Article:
Baton Rouge officials may have secured the popular Bayou Country Superfest for 2012, but the concert’s future beyond that is still up in the air.

The president of the Baton Rouge Area Convention and Visitors Bureau, Paul Arrigo, has played a part in attracting the Memorial Day weekend music festival held in Tiger Stadium for the past two years and again in 2012.

Arrigo hopes to have a long-term commitment from Superfest organizers by next year’s concert, but acknowledged that Baton Rouge faces tough venue competition from New Orleans.

On Thursday, Arrigo told his board of directors that the New Orleans Superdome, which could be perceived as a competing concert venue, enjoys sales tax exemptions, as does the New Orleans Arena.

“If a promoter sells a $100 ticket he gets to keep $100 (at the Superdome), but here 9 percent goes to sales tax,” Arrigo said. “So why do we incentify? Because these are the things that we’re up against.”

Arrigo also said LSU’s stadium is not a natural concert venue, and transforming it into one proved to be burdensome and costly.

He noted that the seven-story stage could not fit through the regular portals of Tiger Stadium and required special equipment to bring it in.

“During these economic times, people ask why we give them (Superfest organizers) money to keep them here,” Arrigo said. “Well why do we pay the garbage man to pick up our trash? Because it’s the price of doing business.”

Arrigo said no other venue in Baton Rouge comes close to the seating capacity of Tiger Stadium, which holds more than 92,000 people. The Baton Rouge River Center only seats about 7,500.

With only two years under its belt, Superfest has already drawn upward of 75,000 people.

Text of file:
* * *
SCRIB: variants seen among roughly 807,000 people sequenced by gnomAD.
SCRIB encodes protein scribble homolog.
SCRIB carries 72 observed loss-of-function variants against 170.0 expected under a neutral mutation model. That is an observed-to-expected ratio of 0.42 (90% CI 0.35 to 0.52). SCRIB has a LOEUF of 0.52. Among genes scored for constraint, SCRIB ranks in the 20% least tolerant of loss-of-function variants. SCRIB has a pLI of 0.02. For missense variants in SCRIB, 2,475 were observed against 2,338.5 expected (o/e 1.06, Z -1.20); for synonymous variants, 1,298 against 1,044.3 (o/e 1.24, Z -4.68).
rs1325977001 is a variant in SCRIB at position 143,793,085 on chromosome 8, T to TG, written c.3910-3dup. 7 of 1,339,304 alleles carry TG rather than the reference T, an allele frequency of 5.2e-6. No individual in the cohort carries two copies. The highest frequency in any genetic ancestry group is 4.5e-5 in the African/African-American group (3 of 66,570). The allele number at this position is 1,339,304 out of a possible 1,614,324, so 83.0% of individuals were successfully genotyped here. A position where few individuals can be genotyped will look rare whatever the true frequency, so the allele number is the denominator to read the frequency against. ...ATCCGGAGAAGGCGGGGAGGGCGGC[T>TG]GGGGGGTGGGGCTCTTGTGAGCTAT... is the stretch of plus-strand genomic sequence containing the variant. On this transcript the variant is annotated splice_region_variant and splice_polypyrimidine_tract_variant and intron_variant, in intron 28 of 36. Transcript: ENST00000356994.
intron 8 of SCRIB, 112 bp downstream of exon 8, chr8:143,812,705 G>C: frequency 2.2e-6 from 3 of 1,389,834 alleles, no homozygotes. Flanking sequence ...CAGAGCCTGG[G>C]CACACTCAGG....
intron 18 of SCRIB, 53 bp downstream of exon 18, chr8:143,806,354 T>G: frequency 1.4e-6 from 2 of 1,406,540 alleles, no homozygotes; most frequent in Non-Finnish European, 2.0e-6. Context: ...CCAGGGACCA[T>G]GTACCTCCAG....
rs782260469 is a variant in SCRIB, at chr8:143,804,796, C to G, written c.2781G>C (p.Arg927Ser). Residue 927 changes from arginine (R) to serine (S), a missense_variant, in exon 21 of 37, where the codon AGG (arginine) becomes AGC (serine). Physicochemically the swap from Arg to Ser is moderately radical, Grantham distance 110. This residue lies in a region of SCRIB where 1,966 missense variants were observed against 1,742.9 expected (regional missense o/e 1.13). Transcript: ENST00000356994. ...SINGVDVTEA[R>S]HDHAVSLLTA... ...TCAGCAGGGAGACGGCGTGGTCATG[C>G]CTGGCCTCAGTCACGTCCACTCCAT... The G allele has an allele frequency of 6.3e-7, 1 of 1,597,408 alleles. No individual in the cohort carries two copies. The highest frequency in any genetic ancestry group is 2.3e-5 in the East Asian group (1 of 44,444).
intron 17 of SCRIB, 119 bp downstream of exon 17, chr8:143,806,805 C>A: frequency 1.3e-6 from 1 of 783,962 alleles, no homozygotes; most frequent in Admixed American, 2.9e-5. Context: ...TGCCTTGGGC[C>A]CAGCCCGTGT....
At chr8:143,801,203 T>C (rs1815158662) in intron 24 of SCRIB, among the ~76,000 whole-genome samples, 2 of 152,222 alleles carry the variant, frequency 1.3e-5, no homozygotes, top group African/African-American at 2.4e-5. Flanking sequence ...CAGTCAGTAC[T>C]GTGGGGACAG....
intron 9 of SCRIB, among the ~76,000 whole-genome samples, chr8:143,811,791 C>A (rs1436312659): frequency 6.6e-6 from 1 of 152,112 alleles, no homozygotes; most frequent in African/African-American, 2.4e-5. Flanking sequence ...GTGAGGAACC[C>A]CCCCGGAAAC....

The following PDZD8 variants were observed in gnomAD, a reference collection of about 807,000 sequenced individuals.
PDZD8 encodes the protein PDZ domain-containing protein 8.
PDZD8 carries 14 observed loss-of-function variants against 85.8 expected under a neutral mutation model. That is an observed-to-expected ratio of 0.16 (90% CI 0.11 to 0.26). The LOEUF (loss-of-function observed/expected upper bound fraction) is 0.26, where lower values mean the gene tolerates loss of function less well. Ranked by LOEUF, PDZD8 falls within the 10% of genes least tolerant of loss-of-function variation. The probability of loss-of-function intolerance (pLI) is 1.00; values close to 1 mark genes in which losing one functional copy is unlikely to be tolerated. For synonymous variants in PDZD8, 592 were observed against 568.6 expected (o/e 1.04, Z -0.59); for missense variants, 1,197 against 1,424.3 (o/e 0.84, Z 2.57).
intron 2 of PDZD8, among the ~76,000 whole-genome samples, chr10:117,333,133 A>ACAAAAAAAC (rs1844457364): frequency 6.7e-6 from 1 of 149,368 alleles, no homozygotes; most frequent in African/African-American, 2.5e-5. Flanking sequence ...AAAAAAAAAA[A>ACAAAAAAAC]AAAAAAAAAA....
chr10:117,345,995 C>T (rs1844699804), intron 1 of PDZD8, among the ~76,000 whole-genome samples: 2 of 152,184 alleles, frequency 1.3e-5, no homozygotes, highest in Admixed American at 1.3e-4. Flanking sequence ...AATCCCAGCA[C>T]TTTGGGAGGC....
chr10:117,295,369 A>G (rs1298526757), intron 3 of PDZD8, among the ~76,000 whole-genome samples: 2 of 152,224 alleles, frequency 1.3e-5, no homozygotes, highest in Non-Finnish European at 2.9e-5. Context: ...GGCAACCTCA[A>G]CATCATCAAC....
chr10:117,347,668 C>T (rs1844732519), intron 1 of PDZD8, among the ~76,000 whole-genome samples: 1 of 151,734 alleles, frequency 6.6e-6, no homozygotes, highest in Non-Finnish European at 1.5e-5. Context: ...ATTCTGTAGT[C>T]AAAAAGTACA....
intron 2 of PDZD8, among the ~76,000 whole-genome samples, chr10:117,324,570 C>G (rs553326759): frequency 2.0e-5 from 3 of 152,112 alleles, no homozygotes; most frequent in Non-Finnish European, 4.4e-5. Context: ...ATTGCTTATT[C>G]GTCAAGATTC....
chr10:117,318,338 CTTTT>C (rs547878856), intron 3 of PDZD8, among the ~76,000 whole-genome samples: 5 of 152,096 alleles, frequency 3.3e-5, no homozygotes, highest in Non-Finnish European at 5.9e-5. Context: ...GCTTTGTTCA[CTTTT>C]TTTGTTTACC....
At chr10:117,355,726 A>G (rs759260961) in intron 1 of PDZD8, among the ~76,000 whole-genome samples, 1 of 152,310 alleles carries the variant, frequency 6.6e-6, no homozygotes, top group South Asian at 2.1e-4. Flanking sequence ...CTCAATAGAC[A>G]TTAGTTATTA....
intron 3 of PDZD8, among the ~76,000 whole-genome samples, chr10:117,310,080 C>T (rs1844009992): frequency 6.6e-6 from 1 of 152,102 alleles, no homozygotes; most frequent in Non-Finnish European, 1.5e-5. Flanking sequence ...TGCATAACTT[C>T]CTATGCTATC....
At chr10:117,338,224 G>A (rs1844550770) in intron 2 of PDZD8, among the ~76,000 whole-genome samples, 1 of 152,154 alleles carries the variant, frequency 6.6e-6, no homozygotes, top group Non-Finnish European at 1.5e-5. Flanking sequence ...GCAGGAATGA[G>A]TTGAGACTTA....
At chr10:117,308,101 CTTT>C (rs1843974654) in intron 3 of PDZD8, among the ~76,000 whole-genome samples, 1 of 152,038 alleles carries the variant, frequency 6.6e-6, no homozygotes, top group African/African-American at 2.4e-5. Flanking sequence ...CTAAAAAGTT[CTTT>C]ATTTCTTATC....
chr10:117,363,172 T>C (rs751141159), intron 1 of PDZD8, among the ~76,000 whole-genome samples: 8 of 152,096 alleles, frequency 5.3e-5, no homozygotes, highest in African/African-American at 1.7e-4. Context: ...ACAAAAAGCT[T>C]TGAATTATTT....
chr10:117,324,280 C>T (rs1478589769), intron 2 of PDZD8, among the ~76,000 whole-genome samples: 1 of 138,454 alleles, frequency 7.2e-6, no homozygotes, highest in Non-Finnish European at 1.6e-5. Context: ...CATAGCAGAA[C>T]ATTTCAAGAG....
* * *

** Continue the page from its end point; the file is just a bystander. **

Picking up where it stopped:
Arrigo said that regionally only the Superdome, with a seating capacity in excess of 73,000 people, comes close to Tiger Stadium.

Metro Councilman Joel Boé said he’d like to see an effort to give LSU stadium tax exempt status — which would require state legislative action.

“If it (Tiger Stadium) was made tax exempt, maybe the money that it would save the promoter would be enough to suffice, instead of having the lieutenant governor, the (Visitors Bureau) and so on supplementing it.”

Ernie Ballard, an LSU spokesman, said seeking legislation to create a special taxing district for the University is “something that’s been considered, but not pushed.”

He said recent legislation being pushed to create other similar taxing districts has been “hit or miss.”

Superfest announced its return to Baton Rouge last month, after negotiating a $600,000 subsidy paid for in equal parts by the State Tourism Office which is under the lieutenant governor, the Visitors Bureau and a tourism grant from British Petroleum allocated to the city-parish.

In its first year, Superfest organizers asked for $900,000 in state and local funds to subsidize the festival.

The same funding was expected for the 2011 concert, but in December the Metro Council voted to defund its $300,000 portion, mostly because taxpayer funds had no accountability tied to their use.

Boé, who served on a committee that agreed to use the BP funds to subsidize the concert, said he would support a five-year deal to continue to subsidize the concert.

“But after that, which would be their eighth performance, they’d be standing on their own,” he said. “Having an event such as this, some sort of subsidy is warranted, but not for an extended period of time.”

He also said that public subsidies should require Superfest organizers to agree to performance benchmarks and “some level of transparency in their books.”

“The days of writing them a $300,000 check with no strings attached are over,” he said.

Superfest, which has already featured some of the biggest names in country music, such as Tim McGraw, Keith Urban, Kenny Chesney and Taylor Swift, is scheduled for May 26 and May 27 next year.

Concert producer-organizer Quint Davis has said he expects to announce the concert performers in October, and tickets will go on sale in November.